False sage, stranger in Flanders
False sage, not exactly a nice name for a plant. This inconspicuous, greenish flowering plant growing on the edge of pine forests, is therefore not really beautiful nor known for its medicinal or other uses. According to people, he even cheats a bit. It pretends to be a sage, while it belongs to the gamander family. So really a ‘false’ sage! And yet, if we search long enough, the herb turns out to be more interesting than it appears at first sight.
The Latin name of the genus is therefore not Salvia but Teucrium and our species is Teucrium scorodonia. Sounds powerful! According to a legend, the name “Teucrium” refers to the Trojan king Teukros who was the first to recognize the meaning of this plant. the nose and with its amber-like scent attracts cats, but the best known of the teucrium species is of course the real gamander. But I still want to talk about the False sage and the water gamander here.
Dodoens and Gamander
Dodoens does not discuss the False sage, Teucrium scorodonia, but a closely related species Teucrium scordium, Swamp Gamander. He even calls it mithridatum, which has been in use for centuries as a mythical mixture and where this gamander was also included. Swamp gamander, judging by the indications, was considered styptic and wound healing for “old aggravated and littered wounds” and “stifles that root meleason.” Furthermore, especially good for the respiratory tract ‘monstrous ghepoedert ende with huenicht ende inghenomen, suyvert that chest from all fluymen and es seer good for all outdated cough.
Also sniffing through my ‘fallen’ bookcase I find that False sage was still used in the 19th century in the treatment of tuberculosis. The Revue writes about the discovery of this medicinal effect. Hom. Belge (1895): “Dr. Martiny examined a tuberculosis sufferer in the last stage of his illness in the Ardennes. He had a cavern in one top of the lung and the doctor had given it up. A year later, the same doctor found the patient who had long been thought dead in perfect health. The patient attributed his cure to ingesting the nearby growing false sage, which an old woman advised him to take. After that time, Dr. Martiny this herb with great success in pulmonary tuberculosis; he prescribed 5-10 drops of the essence several times a day to take. Other doctors also reported their successes and recommended teucrium not only for pulmonary tuberculosis but also for prostate and bone tuberculosis “.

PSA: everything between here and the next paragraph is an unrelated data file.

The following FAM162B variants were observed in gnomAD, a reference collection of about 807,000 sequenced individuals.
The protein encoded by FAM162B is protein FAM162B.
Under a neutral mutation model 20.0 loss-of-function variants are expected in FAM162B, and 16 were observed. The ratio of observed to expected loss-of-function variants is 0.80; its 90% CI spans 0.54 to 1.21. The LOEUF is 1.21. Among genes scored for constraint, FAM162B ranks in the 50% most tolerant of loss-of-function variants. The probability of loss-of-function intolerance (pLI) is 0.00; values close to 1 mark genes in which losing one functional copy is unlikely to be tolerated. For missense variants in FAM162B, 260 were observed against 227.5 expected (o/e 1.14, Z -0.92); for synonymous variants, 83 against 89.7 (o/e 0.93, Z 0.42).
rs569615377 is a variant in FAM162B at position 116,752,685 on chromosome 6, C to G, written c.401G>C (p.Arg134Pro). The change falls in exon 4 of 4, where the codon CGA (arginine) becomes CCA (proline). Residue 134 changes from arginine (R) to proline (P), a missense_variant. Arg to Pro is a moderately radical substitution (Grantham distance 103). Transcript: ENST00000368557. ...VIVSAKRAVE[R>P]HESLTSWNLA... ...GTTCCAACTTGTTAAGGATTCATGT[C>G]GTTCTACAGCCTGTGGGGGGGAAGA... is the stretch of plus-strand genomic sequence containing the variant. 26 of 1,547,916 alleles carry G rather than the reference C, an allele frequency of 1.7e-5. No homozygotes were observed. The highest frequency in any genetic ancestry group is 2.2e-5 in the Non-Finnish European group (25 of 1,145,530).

Now, 110 years later, Teucrium is hardly used in practice in Belgium and the Netherlands. We already read at Furlenmeier that in the 1970s it was still prescribed for chronic nasal and bronchial catarrh, persistent cough, bronchial asthma and with existing tuberculostatics as an accompanying therapy for tuberculosis. In addition, with a slow function of the digestive organs with liver blockage (bitter substance effect).
And more recently, in Ethnomed 2007 that Mastitis in cows has been “treated with Achillea millefolium, Arctium lappa, Salix alba, Teucrium scorodonia (False sage) and Galium aparine”. And further in Plant for a future that the ‘herb is alterative, astringent, carminative, diaphoretic, diuretic, emmenagogue, tonic and vulnerary. It is harvested in July and can be dried for later use. The herb is often used in domestic herbal practice in the treatment of skin afflictions, diseases of the blood, fevers, colds etc. It is an appetizer of the first order and is equal to gentian root as a tonic.
So to read, some possibilities, even too many possibilities to be completely true. In any case, the plant is not poisonous, so we can sometimes make tea or tincture with it.
Tea: Pour 1 large teaspoon of the chopped fresh or dried plant with a cup of boiling water, let it steep for 5-15 minutes, strain, cool slightly and then, sweetened with honey, drink several times a day as a cough tea, or, Drink unsweetened 1 hour before a meal to promote bile secretion. Infusion: pour 2 generous teaspoons of the finely chopped herb with 2 cups of cold water, let it steep for 8 hours (night), strain and drink during the day.
For further study
- Lans C, Turner N, Khan T, Brauer G, Boepple W. Ethnoveterinary medicines used for ruminants in British Columbia, Canada. [Journal Article, Research Support, Non-U.S. Gov’t]
- J Ethnobiol Ethnomed 2007.:11.
- Essential oil of Teucrium scorodonia L. ssp. scorodonia from Italystar.